Culture shock in Varanasi, India

Culture Shock

It’s been three months since I touched down in Paris after a year living in Nepal, India and Sri Lanka. I’ve tried to write about that day several times—how vast the artificial sky underneath the airport ceiling had felt, the emotionally empty announcements that droned on over the intercom, the strangeness of people’s clothes, gadgets and mannerisms, the distance everyone kept between everyone else.

By that time my friend and I had already been traveling for a hellishly long time. It had started 30, 40, maybe 50 hours earlier when we showed up for an 8 hour, overnight bus across Sri Lanka to find out it was fully booked (the day before the man at the station had told us we needn’t by tickets, just show up early…) It was 9:30 PM and this was the last direct bus to Colombo before our flight the next day. There was standing room only. Were we on the bus or off? We boarded the bus.

Five minutes later, before the motor had started, we came to our senses, grabbed our bags and jumped off the bus. The next day, beginning at 6:00 AM we began an improvised route over a network of local buses, which got us to Colombo just in time to get stuck in the evening commute traffic, get ripped off by one final rickshaw driver and wash and change into fresh clothes in the airport bathroom before our 7:30 PM flight out. After a red eye to Mumbai we boarded a second plane, touching down in Paris just in time for the morning commute.

We had some business in the city so we took the underground into Paris. After, we took a cab to the tram station because the labor unions were on strike, shutting down the subway. Police walked the streets of Paris with bullet proof vests, their hands resting on black, automatic rifles. I was shocked, not because I’ve never seen that, but because I’ve never seen it so close to home.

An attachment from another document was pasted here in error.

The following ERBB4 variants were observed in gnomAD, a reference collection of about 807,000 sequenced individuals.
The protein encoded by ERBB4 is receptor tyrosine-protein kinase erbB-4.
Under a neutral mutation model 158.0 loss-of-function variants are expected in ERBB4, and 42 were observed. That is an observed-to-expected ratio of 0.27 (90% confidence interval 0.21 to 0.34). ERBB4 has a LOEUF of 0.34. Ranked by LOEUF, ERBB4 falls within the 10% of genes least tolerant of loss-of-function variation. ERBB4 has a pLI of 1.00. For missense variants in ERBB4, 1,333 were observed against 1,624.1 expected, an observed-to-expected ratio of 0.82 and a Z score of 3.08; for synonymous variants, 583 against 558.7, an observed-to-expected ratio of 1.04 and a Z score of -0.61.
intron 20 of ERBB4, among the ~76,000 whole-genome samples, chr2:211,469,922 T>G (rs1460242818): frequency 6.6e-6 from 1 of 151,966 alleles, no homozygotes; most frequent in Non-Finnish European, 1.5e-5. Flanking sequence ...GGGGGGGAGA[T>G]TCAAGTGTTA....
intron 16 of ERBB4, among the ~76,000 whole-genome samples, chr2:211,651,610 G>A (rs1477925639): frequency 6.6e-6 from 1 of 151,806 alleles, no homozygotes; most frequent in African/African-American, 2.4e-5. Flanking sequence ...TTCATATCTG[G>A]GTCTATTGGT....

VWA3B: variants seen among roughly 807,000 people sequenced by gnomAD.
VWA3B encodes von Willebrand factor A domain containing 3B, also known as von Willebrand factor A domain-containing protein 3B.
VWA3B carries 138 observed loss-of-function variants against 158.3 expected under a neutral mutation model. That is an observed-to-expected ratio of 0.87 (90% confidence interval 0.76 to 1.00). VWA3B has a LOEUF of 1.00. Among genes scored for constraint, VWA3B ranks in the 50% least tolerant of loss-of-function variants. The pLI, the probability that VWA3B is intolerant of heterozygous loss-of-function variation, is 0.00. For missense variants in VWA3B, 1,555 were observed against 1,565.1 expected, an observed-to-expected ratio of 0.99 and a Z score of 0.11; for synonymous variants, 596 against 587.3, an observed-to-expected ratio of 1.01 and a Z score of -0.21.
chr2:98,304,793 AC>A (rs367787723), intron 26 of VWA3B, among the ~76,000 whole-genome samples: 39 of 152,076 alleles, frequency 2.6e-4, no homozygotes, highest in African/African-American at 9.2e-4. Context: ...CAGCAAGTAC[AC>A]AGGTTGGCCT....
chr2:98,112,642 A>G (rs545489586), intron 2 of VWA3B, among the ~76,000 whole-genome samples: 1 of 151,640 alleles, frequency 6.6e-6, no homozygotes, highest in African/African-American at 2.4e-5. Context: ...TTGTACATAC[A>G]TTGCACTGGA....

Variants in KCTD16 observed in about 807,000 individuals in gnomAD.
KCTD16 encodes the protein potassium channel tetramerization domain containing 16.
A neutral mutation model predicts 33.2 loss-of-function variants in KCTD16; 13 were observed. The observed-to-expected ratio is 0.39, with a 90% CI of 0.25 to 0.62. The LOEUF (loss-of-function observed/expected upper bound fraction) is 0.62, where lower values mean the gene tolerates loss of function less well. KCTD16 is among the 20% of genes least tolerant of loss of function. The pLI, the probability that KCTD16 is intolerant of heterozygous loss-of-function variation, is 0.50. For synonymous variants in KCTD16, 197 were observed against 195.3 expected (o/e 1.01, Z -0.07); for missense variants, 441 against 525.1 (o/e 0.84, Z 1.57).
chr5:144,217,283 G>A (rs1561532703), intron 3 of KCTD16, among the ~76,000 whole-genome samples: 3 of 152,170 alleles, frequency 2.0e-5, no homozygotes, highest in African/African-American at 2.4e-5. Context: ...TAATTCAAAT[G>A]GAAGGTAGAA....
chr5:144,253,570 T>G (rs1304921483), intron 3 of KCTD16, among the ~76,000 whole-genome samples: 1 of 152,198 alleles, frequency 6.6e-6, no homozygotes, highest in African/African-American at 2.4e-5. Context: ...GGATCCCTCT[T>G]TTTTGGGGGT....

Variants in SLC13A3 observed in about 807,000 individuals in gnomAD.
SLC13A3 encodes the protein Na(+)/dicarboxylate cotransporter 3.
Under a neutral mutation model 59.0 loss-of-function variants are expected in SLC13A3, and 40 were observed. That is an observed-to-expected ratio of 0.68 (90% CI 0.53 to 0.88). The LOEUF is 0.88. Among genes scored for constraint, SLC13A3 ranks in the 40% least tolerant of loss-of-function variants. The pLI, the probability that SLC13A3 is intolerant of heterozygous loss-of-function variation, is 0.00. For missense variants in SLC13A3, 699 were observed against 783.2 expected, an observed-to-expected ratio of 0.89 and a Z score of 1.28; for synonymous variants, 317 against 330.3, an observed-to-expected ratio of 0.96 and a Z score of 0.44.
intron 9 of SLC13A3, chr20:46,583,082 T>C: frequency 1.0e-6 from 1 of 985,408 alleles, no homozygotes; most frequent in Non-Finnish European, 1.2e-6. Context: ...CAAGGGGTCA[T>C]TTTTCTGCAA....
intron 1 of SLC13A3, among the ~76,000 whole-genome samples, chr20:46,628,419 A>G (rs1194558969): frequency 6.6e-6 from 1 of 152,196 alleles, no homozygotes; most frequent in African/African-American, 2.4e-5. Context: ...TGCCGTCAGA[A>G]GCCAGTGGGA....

We took a tram to Disneyland Paris, on the outskirts of the city where we waited for the train that would take us to Marsaille. I walked out into a light drizzle to find a toilet near the Disneyland parking lot. On my way back I walked for a couple hundred yards under a bright red portico with a moving walkway where people lined up to enter the park each morning. It was empty now as I walked back to the train station, serenaded by a Disney tune I fondly remembered from being a child:

Yo Ho, Yo Ho! A pirate’s life for me.
We pillage, we plunder, we riffle and loot.
Drink up me ‘earties, Yo Ho!
We kidnap and ravage and don’t give a hoot.
Drink up me ‘earties, Yo Ho!

Yo Ho, Yo Ho! A pirate’s life for me.

We extort, we pilfer, we filch and sack.
Drink up me ‘earties, Yo Ho!
Maraud and embezzle and even hijack.
Drink up me ‘earties, Yo Ho!

Yo Ho, Yo Ho! A pirate’s life for me.


We’re beggars and blighters and ne’er-do-well cads.
Drink up me ‘earties, Yo Ho!
Aye! But we’re loved by our mommies and dads!
Drink up me ‘earties, Yo Ho!1

On the way back I passed a homeless man begging on the bank of a flower bed. I had no change for him. I wanted to give him a smile but I couldn’t. I looked away.

While waiting for my train I watched families pour out of the theme park, parents drinking from soda bottles and paper coffee cups, carrying bags full with Mickey Mouse balloons and stuffed yellow Despicable Me minions while kids ran around excitedly waving light up wizard wands and plastic pirate swords.

It’s not fair, but in that moment India came rushing back to me. I thought of the children I saw in New Delhi, outside my train window, scavenging with the dogs through mountains of trash that were taller than the tarp-covered shanties propped up next to them. I thought of the day I was stopped dead in my tracks by the sight of a skinny old man cooking naan bread over a fire on the sidewalk while his infant child sat in the gutter beside him, filthy and naked. I thought of the time I watched a dead grandmother’s body burn to ashes while standing next to her grandson. I thought of the day I discovered a dead dog on a beach in Sri Lanka and the way that little girl had ran back to her mother in horror when she realized what it was. I remembered the rotting cow carcasses floating down the the Ganges like waterlogged tree trunks while families bathed yards away along its shores.